Simple will - free simple will form
A simple will can be drafted in a short period of time from a "boilerplate" form or even a free form downloaded from qualified internet service firms.
A simple will is best used when all assets are left to a spouse or, if there are children, equally divided among the children at the time of the spouse's death. The use of a simple will form filled in with your specific information and wishes is all that is necessary to create a legal will. It is possible to obtain from a number of sources a free simple will or free simple will form that can be used to make a valid, enforceable will.
A simple will must be typed on either a typewriter or computer word processor. (Some states recognize handwritten wills). It must be expressly stated in the simple will form that it is your last will and testament. You must be of sound mind at the time of signing the will. The simple will must be dated, signed and witnessed by at least two people. (Some states require three witnesses). The witnesses need only watch you sign the will; they do not have to read the contents of it. There is no requirement that a legal will be notarized but generally notaries are used in order to prevent a contest over the signing of the will. It is not necessary to file a simple will with a court or as a public document in order to make it a legal will. It is important, however, for your executor or trustee to know where you placed the simple will document.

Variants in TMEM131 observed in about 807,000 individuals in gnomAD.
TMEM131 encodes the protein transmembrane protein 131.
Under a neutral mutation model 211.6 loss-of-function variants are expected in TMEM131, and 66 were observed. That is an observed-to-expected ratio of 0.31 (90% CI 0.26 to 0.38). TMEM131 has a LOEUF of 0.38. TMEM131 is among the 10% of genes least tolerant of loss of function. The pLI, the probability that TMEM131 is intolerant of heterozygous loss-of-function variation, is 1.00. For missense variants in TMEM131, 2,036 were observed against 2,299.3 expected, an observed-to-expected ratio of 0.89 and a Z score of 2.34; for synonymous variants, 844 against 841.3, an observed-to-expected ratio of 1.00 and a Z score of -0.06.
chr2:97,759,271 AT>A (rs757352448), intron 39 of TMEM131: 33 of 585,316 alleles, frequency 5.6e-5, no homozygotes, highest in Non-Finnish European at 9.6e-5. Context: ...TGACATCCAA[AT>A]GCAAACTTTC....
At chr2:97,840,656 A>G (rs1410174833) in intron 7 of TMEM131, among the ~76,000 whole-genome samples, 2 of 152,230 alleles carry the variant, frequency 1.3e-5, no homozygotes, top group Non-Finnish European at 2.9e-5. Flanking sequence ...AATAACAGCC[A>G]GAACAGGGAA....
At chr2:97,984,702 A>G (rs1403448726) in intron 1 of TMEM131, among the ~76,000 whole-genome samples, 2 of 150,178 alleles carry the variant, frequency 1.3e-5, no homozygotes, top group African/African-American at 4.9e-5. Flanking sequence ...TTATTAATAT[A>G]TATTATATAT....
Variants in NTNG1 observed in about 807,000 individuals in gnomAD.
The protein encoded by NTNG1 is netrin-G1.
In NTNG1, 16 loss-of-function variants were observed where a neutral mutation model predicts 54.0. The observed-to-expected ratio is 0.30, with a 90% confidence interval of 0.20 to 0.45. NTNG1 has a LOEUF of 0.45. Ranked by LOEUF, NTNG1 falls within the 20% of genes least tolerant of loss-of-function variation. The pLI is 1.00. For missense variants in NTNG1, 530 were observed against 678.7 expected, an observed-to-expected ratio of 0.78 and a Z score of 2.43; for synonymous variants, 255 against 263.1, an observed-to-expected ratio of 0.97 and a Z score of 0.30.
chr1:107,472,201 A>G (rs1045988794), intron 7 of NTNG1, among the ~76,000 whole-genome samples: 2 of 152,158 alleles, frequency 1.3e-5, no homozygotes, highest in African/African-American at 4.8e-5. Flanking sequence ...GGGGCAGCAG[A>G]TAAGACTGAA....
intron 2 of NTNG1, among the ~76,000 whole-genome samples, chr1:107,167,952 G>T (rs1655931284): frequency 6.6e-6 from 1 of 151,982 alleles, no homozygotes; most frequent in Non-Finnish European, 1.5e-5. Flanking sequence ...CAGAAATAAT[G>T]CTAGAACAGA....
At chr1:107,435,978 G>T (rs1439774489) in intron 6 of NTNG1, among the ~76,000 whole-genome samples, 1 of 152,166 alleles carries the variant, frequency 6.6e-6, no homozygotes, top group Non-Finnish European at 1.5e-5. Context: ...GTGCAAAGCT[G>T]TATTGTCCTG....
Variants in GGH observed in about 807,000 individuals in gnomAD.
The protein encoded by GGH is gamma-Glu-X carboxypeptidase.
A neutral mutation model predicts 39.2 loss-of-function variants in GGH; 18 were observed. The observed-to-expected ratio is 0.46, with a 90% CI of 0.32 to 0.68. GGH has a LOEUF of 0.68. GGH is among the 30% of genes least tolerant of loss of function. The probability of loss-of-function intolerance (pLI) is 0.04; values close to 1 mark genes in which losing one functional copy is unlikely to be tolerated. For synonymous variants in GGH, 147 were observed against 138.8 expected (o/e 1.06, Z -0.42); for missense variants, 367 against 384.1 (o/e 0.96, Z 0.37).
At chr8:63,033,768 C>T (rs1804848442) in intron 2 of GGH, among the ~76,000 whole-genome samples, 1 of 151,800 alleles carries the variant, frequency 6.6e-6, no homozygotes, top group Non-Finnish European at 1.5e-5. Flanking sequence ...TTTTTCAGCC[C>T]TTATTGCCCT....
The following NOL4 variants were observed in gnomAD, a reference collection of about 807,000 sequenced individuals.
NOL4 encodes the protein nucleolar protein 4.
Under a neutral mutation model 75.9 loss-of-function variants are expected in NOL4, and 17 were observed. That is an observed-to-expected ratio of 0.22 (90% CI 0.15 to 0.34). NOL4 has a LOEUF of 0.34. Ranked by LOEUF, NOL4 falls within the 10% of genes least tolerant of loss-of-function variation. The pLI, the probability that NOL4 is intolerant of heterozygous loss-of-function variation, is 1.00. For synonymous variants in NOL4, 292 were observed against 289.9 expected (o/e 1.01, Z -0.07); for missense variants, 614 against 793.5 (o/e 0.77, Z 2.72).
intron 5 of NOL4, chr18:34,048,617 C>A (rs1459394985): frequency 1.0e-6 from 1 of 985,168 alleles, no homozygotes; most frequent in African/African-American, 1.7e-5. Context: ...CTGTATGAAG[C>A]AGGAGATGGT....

Many free simple will forms identify the state they were drafted for. A free simple will form may even provide instructions for filling out the document. Since it is generally required that a simple will be typewritten, it is best to download a simple will form that can be modified on your computer's word processor to create a final document that can be signed and witnessed.
A simple will sets out how your assets, after the payment of debts, will be distributed through probate. Many states allow assets to be distributed without probate if the estate does not exceed a statutory maximum. For example, in California , if the estate does not exceed $100,000 (excluding joint tenancy and designated beneficiary property), the estate does not have to go through probate. Under these circumstances, use of a simple will form or even a free simple will form is appropriate